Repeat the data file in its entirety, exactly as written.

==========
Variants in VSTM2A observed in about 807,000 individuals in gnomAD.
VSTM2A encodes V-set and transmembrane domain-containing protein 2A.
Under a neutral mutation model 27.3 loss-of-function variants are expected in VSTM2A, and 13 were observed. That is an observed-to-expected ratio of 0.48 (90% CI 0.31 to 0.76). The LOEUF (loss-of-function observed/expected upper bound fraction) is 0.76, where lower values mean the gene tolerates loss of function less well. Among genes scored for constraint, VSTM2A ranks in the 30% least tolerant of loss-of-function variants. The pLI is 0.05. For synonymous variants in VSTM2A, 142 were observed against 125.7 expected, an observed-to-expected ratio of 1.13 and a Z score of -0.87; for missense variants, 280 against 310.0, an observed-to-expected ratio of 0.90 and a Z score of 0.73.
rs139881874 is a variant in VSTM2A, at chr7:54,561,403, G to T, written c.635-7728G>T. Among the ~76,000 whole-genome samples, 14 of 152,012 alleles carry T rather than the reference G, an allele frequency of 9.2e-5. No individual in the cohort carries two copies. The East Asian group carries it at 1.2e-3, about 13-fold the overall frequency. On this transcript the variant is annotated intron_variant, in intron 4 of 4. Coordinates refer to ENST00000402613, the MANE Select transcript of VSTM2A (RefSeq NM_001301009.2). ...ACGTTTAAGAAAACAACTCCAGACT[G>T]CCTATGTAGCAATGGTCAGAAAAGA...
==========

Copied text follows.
Variants in VSTM2A observed in about 807,000 individuals in gnomAD.
VSTM2A encodes V-set and transmembrane domain-containing protein 2A.
Under a neutral mutation model 27.3 loss-of-function variants are expected in VSTM2A, and 13 were observed. That is an observed-to-expected ratio of 0.48 (90% CI 0.31 to 0.76). The LOEUF (loss-of-function observed/expected upper bound fraction) is 0.76, where lower values mean the gene tolerates loss of function less well. Among genes scored for constraint, VSTM2A ranks in the 30% least tolerant of loss-of-function variants. The pLI is 0.05. For synonymous variants in VSTM2A, 142 were observed against 125.7 expected, an observed-to-expected ratio of 1.13 and a Z score of -0.87; for missense variants, 280 against 310.0, an observed-to-expected ratio of 0.90 and a Z score of 0.73.
rs139881874 is a variant in VSTM2A, at chr7:54,561,403, G to T, written c.635-7728G>T. Among the ~76,000 whole-genome samples, 14 of 152,012 alleles carry T rather than the reference G, an allele frequency of 9.2e-5. No individual in the cohort carries two copies. The East Asian group carries it at 1.2e-3, about 13-fold the overall frequency. On this transcript the variant is annotated intron_variant, in intron 4 of 4. Coordinates refer to ENST00000402613, the MANE Select transcript of VSTM2A (RefSeq NM_001301009.2). ...ACGTTTAAGAAAACAACTCCAGACT[G>T]CCTATGTAGCAATGGTCAGAAAAGA...